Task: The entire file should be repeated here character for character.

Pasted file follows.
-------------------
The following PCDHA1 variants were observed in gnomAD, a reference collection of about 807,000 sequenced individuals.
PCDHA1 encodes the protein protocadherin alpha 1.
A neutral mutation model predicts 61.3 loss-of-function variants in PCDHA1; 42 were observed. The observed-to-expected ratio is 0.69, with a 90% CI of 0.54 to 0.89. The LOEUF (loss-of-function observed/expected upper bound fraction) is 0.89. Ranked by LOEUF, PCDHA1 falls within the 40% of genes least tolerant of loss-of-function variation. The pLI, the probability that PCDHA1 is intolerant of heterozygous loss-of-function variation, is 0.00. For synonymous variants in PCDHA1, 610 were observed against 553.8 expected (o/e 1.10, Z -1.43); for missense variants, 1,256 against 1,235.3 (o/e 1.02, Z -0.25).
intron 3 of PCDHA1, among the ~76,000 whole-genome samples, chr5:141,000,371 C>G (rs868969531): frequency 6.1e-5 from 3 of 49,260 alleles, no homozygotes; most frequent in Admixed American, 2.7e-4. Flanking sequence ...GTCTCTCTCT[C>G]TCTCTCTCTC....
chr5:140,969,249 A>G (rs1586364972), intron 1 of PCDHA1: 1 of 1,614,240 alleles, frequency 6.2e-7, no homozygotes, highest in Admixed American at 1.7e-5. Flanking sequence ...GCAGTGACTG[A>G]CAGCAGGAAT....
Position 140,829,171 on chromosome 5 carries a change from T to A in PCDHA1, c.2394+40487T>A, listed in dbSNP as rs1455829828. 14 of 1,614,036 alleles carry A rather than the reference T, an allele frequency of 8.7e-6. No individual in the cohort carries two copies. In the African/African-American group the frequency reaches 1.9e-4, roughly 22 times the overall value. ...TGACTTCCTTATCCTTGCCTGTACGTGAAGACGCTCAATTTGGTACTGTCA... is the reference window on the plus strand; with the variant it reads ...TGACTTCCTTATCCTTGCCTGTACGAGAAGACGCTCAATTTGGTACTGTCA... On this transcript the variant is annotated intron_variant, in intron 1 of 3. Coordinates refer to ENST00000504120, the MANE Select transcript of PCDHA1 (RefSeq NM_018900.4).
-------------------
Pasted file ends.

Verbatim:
The following PCDHA1 variants were observed in gnomAD, a reference collection of about 807,000 sequenced individuals.
PCDHA1 encodes the protein protocadherin alpha 1.
A neutral mutation model predicts 61.3 loss-of-function variants in PCDHA1; 42 were observed. The observed-to-expected ratio is 0.69, with a 90% CI of 0.54 to 0.89. The LOEUF (loss-of-function observed/expected upper bound fraction) is 0.89. Ranked by LOEUF, PCDHA1 falls within the 40% of genes least tolerant of loss-of-function variation. The pLI, the probability that PCDHA1 is intolerant of heterozygous loss-of-function variation, is 0.00. For synonymous variants in PCDHA1, 610 were observed against 553.8 expected (o/e 1.10, Z -1.43); for missense variants, 1,256 against 1,235.3 (o/e 1.02, Z -0.25).
intron 3 of PCDHA1, among the ~76,000 whole-genome samples, chr5:141,000,371 C>G (rs868969531): frequency 6.1e-5 from 3 of 49,260 alleles, no homozygotes; most frequent in Admixed American, 2.7e-4. Flanking sequence ...GTCTCTCTCT[C>G]TCTCTCTCTC....
chr5:140,969,249 A>G (rs1586364972), intron 1 of PCDHA1: 1 of 1,614,240 alleles, frequency 6.2e-7, no homozygotes, highest in Admixed American at 1.7e-5. Flanking sequence ...GCAGTGACTG[A>G]CAGCAGGAAT....
Position 140,829,171 on chromosome 5 carries a change from T to A in PCDHA1, c.2394+40487T>A, listed in dbSNP as rs1455829828. 14 of 1,614,036 alleles carry A rather than the reference T, an allele frequency of 8.7e-6. No individual in the cohort carries two copies. In the African/African-American group the frequency reaches 1.9e-4, roughly 22 times the overall value. ...TGACTTCCTTATCCTTGCCTGTACGTGAAGACGCTCAATTTGGTACTGTCA... is the reference window on the plus strand; with the variant it reads ...TGACTTCCTTATCCTTGCCTGTACGAGAAGACGCTCAATTTGGTACTGTCA... On this transcript the variant is annotated intron_variant, in intron 1 of 3. Coordinates refer to ENST00000504120, the MANE Select transcript of PCDHA1 (RefSeq NM_018900.4).